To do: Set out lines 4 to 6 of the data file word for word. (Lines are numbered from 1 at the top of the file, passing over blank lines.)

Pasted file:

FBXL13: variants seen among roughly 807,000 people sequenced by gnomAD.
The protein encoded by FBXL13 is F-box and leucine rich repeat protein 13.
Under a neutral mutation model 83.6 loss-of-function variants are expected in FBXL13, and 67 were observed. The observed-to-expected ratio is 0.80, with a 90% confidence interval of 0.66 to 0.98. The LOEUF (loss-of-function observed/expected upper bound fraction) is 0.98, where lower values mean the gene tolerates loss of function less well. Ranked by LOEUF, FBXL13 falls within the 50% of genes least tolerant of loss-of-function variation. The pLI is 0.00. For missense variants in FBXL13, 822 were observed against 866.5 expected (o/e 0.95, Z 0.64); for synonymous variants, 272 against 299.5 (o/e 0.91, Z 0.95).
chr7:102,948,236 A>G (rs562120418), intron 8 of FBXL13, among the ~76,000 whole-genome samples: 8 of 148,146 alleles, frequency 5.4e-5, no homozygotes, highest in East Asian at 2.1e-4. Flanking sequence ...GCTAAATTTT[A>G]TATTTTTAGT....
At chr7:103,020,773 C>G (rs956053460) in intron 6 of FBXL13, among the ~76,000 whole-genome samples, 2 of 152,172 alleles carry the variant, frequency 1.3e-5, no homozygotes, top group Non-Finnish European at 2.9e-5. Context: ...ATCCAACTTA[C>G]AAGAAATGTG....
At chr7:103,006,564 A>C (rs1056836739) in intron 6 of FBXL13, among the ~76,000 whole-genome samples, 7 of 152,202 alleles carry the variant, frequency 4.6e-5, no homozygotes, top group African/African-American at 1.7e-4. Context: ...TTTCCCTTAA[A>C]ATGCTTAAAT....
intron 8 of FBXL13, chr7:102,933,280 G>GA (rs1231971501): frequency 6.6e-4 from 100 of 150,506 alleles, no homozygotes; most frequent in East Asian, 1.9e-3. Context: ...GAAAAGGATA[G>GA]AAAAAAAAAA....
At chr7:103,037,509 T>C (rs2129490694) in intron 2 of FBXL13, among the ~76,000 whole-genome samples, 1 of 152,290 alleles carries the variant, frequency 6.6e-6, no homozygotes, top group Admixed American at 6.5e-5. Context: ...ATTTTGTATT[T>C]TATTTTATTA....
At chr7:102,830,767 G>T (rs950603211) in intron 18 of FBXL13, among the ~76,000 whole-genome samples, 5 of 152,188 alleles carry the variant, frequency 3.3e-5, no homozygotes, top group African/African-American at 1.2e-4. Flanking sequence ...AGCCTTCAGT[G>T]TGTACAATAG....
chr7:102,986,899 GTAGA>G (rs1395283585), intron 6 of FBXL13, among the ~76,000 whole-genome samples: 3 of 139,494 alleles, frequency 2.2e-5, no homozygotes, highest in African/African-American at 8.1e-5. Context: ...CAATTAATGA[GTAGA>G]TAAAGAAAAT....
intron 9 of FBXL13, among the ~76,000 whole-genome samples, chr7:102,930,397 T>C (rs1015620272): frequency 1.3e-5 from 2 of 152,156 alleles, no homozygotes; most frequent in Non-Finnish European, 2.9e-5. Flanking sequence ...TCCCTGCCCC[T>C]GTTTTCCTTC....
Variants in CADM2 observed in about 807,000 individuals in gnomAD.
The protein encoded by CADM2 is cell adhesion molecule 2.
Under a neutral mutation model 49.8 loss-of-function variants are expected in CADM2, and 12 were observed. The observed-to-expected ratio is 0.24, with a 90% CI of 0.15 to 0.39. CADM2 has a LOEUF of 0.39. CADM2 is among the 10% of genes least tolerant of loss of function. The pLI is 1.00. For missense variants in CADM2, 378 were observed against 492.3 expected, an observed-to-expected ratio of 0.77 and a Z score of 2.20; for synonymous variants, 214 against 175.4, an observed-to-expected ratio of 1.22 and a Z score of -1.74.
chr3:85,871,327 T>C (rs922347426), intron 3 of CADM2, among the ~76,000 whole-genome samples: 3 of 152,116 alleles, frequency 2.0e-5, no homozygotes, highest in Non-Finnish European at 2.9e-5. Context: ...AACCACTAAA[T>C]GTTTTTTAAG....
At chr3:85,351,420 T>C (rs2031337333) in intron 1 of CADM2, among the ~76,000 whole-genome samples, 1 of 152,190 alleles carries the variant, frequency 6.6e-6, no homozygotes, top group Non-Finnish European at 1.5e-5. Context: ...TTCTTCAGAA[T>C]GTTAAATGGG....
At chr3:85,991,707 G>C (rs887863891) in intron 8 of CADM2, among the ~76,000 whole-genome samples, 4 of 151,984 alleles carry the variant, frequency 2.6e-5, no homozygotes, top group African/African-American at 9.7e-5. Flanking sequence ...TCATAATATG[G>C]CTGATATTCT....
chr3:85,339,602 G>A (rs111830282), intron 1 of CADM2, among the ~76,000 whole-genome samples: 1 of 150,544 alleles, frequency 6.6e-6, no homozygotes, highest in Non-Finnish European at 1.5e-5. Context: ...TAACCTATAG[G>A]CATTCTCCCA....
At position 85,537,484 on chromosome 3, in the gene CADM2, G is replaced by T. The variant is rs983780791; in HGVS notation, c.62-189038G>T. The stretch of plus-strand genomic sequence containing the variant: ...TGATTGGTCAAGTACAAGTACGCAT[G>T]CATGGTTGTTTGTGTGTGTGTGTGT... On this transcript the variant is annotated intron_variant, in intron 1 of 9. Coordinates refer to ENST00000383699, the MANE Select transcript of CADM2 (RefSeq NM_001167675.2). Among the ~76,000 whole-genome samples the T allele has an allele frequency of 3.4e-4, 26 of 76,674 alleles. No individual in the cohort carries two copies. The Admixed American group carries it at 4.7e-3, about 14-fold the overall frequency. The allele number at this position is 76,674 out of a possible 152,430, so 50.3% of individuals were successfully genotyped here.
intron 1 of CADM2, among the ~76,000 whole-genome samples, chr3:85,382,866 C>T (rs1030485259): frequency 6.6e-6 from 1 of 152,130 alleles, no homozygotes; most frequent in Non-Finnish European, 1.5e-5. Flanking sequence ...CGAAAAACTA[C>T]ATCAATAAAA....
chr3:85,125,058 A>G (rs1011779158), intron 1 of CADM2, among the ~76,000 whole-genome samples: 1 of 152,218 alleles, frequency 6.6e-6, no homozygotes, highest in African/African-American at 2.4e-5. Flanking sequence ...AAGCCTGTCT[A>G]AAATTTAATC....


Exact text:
chr7:102,948,236 A>G (rs562120418), intron 8 of FBXL13, among the ~76,000 whole-genome samples: 8 of 148,146 alleles, frequency 5.4e-5, no homozygotes, highest in East Asian at 2.1e-4. Flanking sequence ...GCTAAATTTT[A>G]TATTTTTAGT....
At chr7:103,020,773 C>G (rs956053460) in intron 6 of FBXL13, among the ~76,000 whole-genome samples, 2 of 152,172 alleles carry the variant, frequency 1.3e-5, no homozygotes, top group Non-Finnish European at 2.9e-5. Context: ...ATCCAACTTA[C>G]AAGAAATGTG....
At chr7:103,006,564 A>C (rs1056836739) in intron 6 of FBXL13, among the ~76,000 whole-genome samples, 7 of 152,202 alleles carry the variant, frequency 4.6e-5, no homozygotes, top group African/African-American at 1.7e-4. Context: ...TTTCCCTTAA[A>C]ATGCTTAAAT....